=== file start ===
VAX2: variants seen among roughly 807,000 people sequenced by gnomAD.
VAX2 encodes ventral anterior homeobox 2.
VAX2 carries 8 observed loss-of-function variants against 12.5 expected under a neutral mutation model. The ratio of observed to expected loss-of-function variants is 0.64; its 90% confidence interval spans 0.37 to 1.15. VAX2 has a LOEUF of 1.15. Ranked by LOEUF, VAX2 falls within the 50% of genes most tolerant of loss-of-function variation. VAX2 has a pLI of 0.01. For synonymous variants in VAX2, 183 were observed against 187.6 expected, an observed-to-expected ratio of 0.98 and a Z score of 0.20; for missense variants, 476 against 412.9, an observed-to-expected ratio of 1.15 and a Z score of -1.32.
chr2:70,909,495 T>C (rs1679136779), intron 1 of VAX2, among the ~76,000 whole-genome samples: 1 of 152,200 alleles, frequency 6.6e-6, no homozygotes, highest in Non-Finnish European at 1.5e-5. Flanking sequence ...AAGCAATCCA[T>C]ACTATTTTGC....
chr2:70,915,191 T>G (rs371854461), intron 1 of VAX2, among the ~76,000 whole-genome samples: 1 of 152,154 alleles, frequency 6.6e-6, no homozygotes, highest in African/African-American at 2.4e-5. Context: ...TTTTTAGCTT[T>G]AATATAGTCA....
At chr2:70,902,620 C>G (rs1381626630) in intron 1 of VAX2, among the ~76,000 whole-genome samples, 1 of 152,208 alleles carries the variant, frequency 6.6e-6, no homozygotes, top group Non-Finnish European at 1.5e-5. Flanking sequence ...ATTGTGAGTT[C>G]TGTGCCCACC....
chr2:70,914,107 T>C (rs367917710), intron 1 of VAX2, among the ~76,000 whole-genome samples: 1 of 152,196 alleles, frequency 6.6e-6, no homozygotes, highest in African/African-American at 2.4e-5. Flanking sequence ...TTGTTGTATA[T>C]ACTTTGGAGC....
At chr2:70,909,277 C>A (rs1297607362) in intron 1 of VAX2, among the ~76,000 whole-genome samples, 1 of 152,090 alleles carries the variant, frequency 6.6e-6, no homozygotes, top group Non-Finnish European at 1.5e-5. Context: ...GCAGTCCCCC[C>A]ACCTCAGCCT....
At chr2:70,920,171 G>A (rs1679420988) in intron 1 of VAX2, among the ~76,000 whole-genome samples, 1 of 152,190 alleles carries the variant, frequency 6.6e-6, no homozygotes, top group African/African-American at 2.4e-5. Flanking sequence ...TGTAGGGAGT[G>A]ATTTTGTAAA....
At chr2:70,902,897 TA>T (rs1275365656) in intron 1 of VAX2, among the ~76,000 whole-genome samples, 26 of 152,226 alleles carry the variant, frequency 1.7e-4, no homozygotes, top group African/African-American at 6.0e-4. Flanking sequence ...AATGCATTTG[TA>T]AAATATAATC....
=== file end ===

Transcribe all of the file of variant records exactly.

VAX2: variants seen among roughly 807,000 people sequenced by gnomAD.
VAX2 encodes ventral anterior homeobox 2.
VAX2 carries 8 observed loss-of-function variants against 12.5 expected under a neutral mutation model. The ratio of observed to expected loss-of-function variants is 0.64; its 90% confidence interval spans 0.37 to 1.15. VAX2 has a LOEUF of 1.15. Ranked by LOEUF, VAX2 falls within the 50% of genes most tolerant of loss-of-function variation. VAX2 has a pLI of 0.01. For synonymous variants in VAX2, 183 were observed against 187.6 expected, an observed-to-expected ratio of 0.98 and a Z score of 0.20; for missense variants, 476 against 412.9, an observed-to-expected ratio of 1.15 and a Z score of -1.32.
chr2:70,909,495 T>C (rs1679136779), intron 1 of VAX2, among the ~76,000 whole-genome samples: 1 of 152,200 alleles, frequency 6.6e-6, no homozygotes, highest in Non-Finnish European at 1.5e-5. Flanking sequence ...AAGCAATCCA[T>C]ACTATTTTGC....
chr2:70,915,191 T>G (rs371854461), intron 1 of VAX2, among the ~76,000 whole-genome samples: 1 of 152,154 alleles, frequency 6.6e-6, no homozygotes, highest in African/African-American at 2.4e-5. Context: ...TTTTTAGCTT[T>G]AATATAGTCA....
At chr2:70,902,620 C>G (rs1381626630) in intron 1 of VAX2, among the ~76,000 whole-genome samples, 1 of 152,208 alleles carries the variant, frequency 6.6e-6, no homozygotes, top group Non-Finnish European at 1.5e-5. Flanking sequence ...ATTGTGAGTT[C>G]TGTGCCCACC....
chr2:70,914,107 T>C (rs367917710), intron 1 of VAX2, among the ~76,000 whole-genome samples: 1 of 152,196 alleles, frequency 6.6e-6, no homozygotes, highest in African/African-American at 2.4e-5. Flanking sequence ...TTGTTGTATA[T>C]ACTTTGGAGC....
At chr2:70,909,277 C>A (rs1297607362) in intron 1 of VAX2, among the ~76,000 whole-genome samples, 1 of 152,090 alleles carries the variant, frequency 6.6e-6, no homozygotes, top group Non-Finnish European at 1.5e-5. Context: ...GCAGTCCCCC[C>A]ACCTCAGCCT....
At chr2:70,920,171 G>A (rs1679420988) in intron 1 of VAX2, among the ~76,000 whole-genome samples, 1 of 152,190 alleles carries the variant, frequency 6.6e-6, no homozygotes, top group African/African-American at 2.4e-5. Flanking sequence ...TGTAGGGAGT[G>A]ATTTTGTAAA....
At chr2:70,902,897 TA>T (rs1275365656) in intron 1 of VAX2, among the ~76,000 whole-genome samples, 26 of 152,226 alleles carry the variant, frequency 1.7e-4, no homozygotes, top group African/African-American at 6.0e-4. Flanking sequence ...AATGCATTTG[TA>T]AAATATAATC....